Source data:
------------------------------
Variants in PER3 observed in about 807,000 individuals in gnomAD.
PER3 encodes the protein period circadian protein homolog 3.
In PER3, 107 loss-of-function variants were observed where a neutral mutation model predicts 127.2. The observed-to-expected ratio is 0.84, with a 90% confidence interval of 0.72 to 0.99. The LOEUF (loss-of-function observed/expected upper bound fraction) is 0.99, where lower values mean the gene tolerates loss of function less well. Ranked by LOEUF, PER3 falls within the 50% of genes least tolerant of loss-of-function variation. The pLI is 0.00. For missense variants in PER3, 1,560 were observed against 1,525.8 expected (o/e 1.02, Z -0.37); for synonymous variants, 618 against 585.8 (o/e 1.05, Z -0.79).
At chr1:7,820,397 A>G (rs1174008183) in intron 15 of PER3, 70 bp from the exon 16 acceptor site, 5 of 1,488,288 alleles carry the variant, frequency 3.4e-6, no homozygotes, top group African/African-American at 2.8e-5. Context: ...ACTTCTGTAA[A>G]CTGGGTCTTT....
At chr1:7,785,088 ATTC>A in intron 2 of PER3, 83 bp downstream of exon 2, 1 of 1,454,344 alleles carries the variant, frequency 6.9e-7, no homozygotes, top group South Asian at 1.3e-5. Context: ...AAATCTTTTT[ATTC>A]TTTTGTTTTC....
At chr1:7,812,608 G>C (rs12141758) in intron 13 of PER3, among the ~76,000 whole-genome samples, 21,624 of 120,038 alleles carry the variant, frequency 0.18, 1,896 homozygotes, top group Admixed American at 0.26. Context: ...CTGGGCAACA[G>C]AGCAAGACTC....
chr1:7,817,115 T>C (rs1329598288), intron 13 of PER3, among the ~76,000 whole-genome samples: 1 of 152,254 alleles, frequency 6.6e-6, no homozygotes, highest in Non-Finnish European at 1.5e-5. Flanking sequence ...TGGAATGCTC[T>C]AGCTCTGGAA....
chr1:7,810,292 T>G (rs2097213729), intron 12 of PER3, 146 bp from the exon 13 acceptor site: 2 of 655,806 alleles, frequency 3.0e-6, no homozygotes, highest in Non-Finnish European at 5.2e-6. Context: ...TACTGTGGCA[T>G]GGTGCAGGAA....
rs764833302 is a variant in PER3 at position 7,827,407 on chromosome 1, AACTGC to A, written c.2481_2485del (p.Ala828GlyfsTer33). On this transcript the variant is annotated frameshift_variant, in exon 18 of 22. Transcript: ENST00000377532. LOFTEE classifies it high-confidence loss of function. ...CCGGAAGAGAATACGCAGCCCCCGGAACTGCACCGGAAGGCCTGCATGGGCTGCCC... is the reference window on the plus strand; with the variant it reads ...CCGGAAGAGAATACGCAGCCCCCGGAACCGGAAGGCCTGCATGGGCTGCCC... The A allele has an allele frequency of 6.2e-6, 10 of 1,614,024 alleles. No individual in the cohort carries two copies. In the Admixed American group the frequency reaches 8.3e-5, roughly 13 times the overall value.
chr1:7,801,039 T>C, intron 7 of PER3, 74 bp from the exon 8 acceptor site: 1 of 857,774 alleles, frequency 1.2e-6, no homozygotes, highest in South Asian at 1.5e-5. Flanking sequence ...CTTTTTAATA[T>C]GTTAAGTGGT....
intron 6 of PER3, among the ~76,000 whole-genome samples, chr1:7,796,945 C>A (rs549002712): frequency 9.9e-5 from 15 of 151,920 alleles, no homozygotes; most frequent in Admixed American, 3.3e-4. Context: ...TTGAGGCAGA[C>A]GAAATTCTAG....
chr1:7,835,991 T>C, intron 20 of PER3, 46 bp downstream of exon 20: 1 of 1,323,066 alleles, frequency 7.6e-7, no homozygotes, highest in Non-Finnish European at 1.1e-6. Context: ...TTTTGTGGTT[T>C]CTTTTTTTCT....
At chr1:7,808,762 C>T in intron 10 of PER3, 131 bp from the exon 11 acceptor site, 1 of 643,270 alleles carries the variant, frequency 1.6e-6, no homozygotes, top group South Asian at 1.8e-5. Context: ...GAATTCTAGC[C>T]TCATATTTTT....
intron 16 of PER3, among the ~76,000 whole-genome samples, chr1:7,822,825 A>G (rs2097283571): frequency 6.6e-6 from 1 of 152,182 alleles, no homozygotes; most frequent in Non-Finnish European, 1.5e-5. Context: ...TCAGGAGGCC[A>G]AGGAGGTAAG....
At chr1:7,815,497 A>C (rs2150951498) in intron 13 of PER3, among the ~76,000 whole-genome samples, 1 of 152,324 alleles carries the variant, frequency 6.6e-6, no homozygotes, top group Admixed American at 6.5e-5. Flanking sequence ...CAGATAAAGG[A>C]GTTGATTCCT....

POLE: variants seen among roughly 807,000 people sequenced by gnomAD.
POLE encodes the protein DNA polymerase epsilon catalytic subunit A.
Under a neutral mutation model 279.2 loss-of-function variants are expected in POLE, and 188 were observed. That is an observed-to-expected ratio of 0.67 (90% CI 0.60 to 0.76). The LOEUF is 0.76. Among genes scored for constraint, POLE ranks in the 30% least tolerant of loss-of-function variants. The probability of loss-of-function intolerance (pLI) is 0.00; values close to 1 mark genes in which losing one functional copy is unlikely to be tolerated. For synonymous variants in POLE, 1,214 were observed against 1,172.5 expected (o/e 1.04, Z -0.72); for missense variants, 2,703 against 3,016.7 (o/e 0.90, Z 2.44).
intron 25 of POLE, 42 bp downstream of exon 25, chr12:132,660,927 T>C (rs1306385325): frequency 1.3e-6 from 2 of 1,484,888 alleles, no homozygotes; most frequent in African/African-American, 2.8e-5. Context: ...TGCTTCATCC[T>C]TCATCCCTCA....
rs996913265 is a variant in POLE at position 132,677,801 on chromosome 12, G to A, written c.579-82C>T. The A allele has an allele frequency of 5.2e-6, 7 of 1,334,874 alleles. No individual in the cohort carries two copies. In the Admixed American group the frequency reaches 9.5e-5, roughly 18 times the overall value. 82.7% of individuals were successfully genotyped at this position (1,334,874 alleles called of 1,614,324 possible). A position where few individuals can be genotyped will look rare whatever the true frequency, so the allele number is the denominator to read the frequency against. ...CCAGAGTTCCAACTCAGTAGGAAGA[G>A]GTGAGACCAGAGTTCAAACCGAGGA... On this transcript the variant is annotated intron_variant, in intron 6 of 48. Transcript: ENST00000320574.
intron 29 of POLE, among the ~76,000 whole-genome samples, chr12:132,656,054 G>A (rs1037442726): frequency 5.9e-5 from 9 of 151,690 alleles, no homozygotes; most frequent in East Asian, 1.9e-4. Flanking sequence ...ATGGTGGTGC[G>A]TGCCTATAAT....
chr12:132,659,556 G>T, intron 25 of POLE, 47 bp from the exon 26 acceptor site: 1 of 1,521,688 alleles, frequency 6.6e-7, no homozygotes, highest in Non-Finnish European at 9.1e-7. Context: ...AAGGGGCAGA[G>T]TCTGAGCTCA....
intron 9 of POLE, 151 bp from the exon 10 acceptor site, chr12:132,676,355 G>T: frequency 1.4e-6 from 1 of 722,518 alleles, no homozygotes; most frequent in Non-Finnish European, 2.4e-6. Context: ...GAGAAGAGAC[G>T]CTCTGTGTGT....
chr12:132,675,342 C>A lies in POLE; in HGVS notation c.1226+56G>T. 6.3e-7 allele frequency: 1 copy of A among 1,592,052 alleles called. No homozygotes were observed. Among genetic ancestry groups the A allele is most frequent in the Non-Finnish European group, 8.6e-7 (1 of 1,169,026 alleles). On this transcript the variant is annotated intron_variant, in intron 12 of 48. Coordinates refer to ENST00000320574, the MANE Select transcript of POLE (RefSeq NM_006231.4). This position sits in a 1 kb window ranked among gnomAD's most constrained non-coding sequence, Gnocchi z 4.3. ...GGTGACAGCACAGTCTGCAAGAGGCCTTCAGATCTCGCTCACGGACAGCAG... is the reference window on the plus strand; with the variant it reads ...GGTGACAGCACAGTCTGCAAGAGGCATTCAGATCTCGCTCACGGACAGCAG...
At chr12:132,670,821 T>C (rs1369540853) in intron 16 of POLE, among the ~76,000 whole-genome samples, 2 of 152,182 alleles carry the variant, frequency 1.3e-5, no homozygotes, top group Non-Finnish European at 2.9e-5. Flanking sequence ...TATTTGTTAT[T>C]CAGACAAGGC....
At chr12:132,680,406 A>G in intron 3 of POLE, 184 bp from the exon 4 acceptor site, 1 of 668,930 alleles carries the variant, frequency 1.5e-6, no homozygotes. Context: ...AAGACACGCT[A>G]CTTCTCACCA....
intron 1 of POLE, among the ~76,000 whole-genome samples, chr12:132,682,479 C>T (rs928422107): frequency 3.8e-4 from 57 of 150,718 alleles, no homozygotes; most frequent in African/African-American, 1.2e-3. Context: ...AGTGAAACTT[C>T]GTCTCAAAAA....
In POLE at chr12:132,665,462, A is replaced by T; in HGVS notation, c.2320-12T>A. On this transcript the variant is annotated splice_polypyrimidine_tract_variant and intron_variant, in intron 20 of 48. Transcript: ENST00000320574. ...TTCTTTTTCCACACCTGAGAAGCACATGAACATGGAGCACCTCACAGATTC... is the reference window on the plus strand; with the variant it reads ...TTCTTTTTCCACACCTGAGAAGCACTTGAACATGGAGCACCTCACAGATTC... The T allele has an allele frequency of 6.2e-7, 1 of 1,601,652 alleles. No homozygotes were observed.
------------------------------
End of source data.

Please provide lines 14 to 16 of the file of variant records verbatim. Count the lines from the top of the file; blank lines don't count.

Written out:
intron 16 of PER3, among the ~76,000 whole-genome samples, chr1:7,822,825 A>G (rs2097283571): frequency 6.6e-6 from 1 of 152,182 alleles, no homozygotes; most frequent in Non-Finnish European, 1.5e-5. Context: ...TCAGGAGGCC[A>G]AGGAGGTAAG....
At chr1:7,815,497 A>C (rs2150951498) in intron 13 of PER3, among the ~76,000 whole-genome samples, 1 of 152,324 alleles carries the variant, frequency 6.6e-6, no homozygotes, top group Admixed American at 6.5e-5. Flanking sequence ...CAGATAAAGG[A>C]GTTGATTCCT....

POLE: variants seen among roughly 807,000 people sequenced by gnomAD.